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In vivo chloride concentrations surge to proteotoxic levels during acid stress


To successfully colonize the intestine, bacteria must survive passage through the stomach. The permeability of the outer membrane renders the periplasm of Gram-negative bacteria vulnerable to stomach acid, which inactivates proteins. Here we report that the semipermeable nature of the outer membrane allows the development of a strong Donnan equilibrium across this barrier at low pH. As a result, when bacteria are exposed to conditions that mimic gastric juice, periplasmic chloride concentrations rise to levels that exceed 0.6 M. At these chloride concentrations, proteins readily aggregate in vitro. The acid sensitivity of strains lacking acid-protective chaperones is enhanced by chloride, suggesting that these chaperones protect periplasmic proteins both from acidification and from the accompanying accumulation of chloride. These results illustrate how organisms have evolved chaperones to respond to the substantial chemical threat imposed by otherwise innocuous chloride concentrations that are amplified to proteotoxic levels by low-pH-induced Donnan equilibrium effects.

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Fig. 1: Sulfate promotes the acid-induced aggregation of proteins.
Fig. 2: Chloride-dependent aggregation of periplasmic proteins.
Fig. 3: Acid exposure results in an accumulation of chloride within the periplasm due to a Donnan equilibrium.
Fig. 4: E. coli lacking HdeA and HdeB are more sensitive to acid shock and periplasmic protein aggregation in the presence of chloride.
Fig. 5: Mechanism of chloride-induced protein aggregation in acid and its effect on the E. coli periplasm.

Data availability

All data used in this study are included in this published article (and its supplementary information files) and are available from the corresponding authors upon reasonable request.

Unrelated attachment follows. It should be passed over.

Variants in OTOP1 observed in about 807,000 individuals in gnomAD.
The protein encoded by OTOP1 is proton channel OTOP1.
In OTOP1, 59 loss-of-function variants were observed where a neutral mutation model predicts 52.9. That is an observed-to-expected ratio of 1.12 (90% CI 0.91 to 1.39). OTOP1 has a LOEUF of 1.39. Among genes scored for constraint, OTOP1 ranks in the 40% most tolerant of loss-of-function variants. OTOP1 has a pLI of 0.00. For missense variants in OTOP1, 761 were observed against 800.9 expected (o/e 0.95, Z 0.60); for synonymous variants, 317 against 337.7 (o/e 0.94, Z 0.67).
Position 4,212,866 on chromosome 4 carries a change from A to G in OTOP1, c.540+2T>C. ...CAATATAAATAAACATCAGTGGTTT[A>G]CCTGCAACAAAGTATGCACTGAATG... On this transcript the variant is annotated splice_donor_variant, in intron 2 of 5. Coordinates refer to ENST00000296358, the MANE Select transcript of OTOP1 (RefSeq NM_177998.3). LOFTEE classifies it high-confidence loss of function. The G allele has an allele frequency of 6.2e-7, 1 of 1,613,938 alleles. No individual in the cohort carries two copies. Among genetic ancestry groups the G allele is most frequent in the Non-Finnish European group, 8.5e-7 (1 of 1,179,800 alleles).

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We thank P. Koldewey (University of Michigan) for providing technical expertise on the analytical ultracentrifugation experiments, R. Mitra (University Michigan) for preliminary assistance with the CD experiments and C. Miller (Brandeis U.) for the E. coli strain with both Cl/H+ antiporters knocked out. The primary antibodies for detecting DsbC and AppA were a gift from M. Berkmen (New England BioLabs); the antibodies for detecting Skp, SurA and DegP were a gift from T. Silhavy (Princeton University); the antibody for detecting RBP was a gift from M. Ehrmann (University of Duisburg-Essen). We also thank the Purdue Cryo-EM facility, especially S. Mattoo (Purdue University) for arranging access and T. Klose (Purdue University) for help with data collection. This work was funded by the National Institutes of Health (R01-GM102829 to J.C.A.B. and R00-GM111767 to R.B.S.) and an Alfred P. Sloan Research Fellowship (to R.B.S.). J.C.A.B is a Howard Hughes Medical Investigator.

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Authors and Affiliations



F.S. and J.C.A.B. conceived the project. F.S. and H.H. performed the experiments. R.B.S. provided technical expertise on the solute distribution measurements. All authors analyzed the data. F.S. wrote the manuscript with contributions from R.B.S. and J.C.A.B.

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Correspondence to Frederick Stull or James C. A. Bardwell.

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Supplementary information

Supplementary Information

Supplementary Tables 1–2, Supplementary Figures 1–6

Reporting Summary

Supplementary Video 1

Cryo-electron tomography tilt of E. coli at pH 2

Supplementary Video 2

Cryo-electron tomography tilt of E. coli at pH 7

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Stull, F., Hipp, H., Stockbridge, R.B. et al. In vivo chloride concentrations surge to proteotoxic levels during acid stress. Nat Chem Biol 14, 1051–1058 (2018).

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